How does the production of cloud software compare to, say, that of hammers? With the latter, a designer specifies the shape of the wooden handle and steel head, according to the business needs determined by a product manager. An engineer creates molds and lathe settings for the creation of multiple exact replicas, and production line workers create and assemble the parts. For the former, a designer interprets business requirements and then defines how a product feature should look and work. An engineer then writes the code to enable the feature to appear and run efficiently whenever needed. Then a technical operations team maintains the delivery system – the databases, servers, and connections needed to run the computing service.

There are, of course, many more specialized roles (system architects, researchers, project managers, and others) and nuances to these roles. The work is often collaborative and iterative rather than serial. The basic landscape and flow, however, are similar.

Design at Host Analytics

At Host Analytics, we’ve spent years building and optimizing an EPM software machine: a cloud-based platform able to run an organization’s modeling, planning, analysis, reporting, and consolidation processes. In 2015, we began a concerted effort to significantly improve our product’s user experience. If you use our product now, you’ve surely already noticed the improvements we’ve made. However, our effort continues – and in fact never ends.

As we continue to renovate our current product’s look and feel, we’re also designing and building new capabilities to improve how users track processes, understand their company’s key performance indicators, and model potential business outcomes. Software is boundless and evolving. Our design team will work to maintain Host Analytics as the industry leader in trust, functionality, and user experience for cloud EPM.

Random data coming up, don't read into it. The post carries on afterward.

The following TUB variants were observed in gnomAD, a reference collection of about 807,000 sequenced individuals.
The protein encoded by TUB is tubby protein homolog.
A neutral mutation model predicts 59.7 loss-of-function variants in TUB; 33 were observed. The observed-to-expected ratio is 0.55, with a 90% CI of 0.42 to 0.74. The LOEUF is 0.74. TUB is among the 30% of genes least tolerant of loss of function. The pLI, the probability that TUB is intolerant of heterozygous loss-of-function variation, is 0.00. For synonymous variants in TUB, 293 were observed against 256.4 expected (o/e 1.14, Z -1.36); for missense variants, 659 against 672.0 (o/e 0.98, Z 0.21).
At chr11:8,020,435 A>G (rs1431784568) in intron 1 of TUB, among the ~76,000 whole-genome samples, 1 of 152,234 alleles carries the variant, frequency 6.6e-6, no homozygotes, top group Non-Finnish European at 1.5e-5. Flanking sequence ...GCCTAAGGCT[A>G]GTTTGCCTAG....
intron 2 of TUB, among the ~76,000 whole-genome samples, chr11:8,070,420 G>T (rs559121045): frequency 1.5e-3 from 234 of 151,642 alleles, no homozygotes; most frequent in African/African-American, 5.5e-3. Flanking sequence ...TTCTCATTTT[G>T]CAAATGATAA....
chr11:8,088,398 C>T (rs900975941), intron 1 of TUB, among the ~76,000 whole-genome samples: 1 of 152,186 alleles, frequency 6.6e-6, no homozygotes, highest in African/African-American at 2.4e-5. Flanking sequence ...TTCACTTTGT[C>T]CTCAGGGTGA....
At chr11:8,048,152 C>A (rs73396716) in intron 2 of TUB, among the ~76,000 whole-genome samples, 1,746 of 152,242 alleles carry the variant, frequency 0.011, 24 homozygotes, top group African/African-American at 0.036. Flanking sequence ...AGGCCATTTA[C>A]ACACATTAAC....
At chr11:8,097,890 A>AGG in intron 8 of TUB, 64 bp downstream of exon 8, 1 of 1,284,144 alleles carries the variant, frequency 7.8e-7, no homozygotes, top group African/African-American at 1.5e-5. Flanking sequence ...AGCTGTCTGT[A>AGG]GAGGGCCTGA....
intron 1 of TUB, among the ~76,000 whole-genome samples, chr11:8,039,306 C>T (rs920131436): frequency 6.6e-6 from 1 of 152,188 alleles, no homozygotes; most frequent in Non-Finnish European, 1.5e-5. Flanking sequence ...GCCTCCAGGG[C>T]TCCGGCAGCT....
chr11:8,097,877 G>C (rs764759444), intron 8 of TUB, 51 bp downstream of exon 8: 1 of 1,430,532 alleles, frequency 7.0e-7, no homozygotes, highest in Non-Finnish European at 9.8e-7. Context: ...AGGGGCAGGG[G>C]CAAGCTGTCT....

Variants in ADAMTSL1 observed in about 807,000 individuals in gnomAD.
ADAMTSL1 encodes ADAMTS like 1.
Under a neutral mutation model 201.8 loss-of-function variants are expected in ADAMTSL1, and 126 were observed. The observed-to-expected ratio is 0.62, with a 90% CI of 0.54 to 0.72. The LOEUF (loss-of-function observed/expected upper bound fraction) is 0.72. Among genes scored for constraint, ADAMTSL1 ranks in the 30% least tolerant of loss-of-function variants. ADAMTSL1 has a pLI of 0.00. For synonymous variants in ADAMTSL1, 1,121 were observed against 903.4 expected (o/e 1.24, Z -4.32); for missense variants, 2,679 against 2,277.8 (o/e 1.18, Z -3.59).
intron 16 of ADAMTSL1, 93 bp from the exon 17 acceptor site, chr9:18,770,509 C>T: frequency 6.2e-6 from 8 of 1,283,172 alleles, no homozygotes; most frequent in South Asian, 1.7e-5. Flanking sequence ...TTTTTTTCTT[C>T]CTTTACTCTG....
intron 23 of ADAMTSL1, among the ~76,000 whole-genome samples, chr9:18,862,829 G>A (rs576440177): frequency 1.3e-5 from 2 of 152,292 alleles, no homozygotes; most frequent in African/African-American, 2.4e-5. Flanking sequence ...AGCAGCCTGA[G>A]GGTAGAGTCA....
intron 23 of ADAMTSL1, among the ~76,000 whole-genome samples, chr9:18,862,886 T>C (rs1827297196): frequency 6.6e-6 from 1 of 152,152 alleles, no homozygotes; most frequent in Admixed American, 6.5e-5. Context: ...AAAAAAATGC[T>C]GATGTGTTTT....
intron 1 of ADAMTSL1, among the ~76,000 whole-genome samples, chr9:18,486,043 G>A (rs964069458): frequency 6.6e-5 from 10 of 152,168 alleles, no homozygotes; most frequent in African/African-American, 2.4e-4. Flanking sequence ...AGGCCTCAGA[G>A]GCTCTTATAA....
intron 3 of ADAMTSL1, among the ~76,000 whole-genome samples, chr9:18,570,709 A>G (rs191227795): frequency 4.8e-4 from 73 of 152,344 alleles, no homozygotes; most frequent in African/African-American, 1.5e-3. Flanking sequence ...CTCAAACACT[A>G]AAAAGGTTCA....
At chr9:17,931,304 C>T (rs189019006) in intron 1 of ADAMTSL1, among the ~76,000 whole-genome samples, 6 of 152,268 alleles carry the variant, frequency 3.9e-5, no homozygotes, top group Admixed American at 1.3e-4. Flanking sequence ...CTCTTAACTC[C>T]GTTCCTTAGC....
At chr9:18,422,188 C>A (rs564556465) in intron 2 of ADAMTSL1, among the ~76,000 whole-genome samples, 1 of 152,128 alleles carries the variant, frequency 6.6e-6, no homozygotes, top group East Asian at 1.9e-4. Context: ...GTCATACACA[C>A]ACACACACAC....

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Detail from a screen planned for Host Analytics’ Winter 17 release.

This lesson has presented the fundamentals of design as it applies to software product design. In lessons 2 & 3, we’ll look at the elements of UX design – appearance, behavior, and functionality – and the unique product design challenges posed by EPM software (lesson 2), and finally, the unique UX benefits provided by the Host Analytics platform (lesson 3). Stay tuned!

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Posted by on February 8, 2017
John Armitage

John Armitage is a strategic digital product designer and design practice leader. Since entering the software industry in the early '90s, he has performed principal designer and team/practice leadership roles in various consulting and development organizations. Since 2002 he has worked in the enterprise software arena, with user experience design teams at Peoplesoft, BusinessObjects, SAP, and Host Analytics. In six years at SAP, John designed new product and business concepts related to cloud computing, social media, collaboration, business networks, and visual analytics. He studied liberal arts, graphic design, and business at Miami University in Ohio, and earned his MFA in graphic design from Rhode Island School of Design.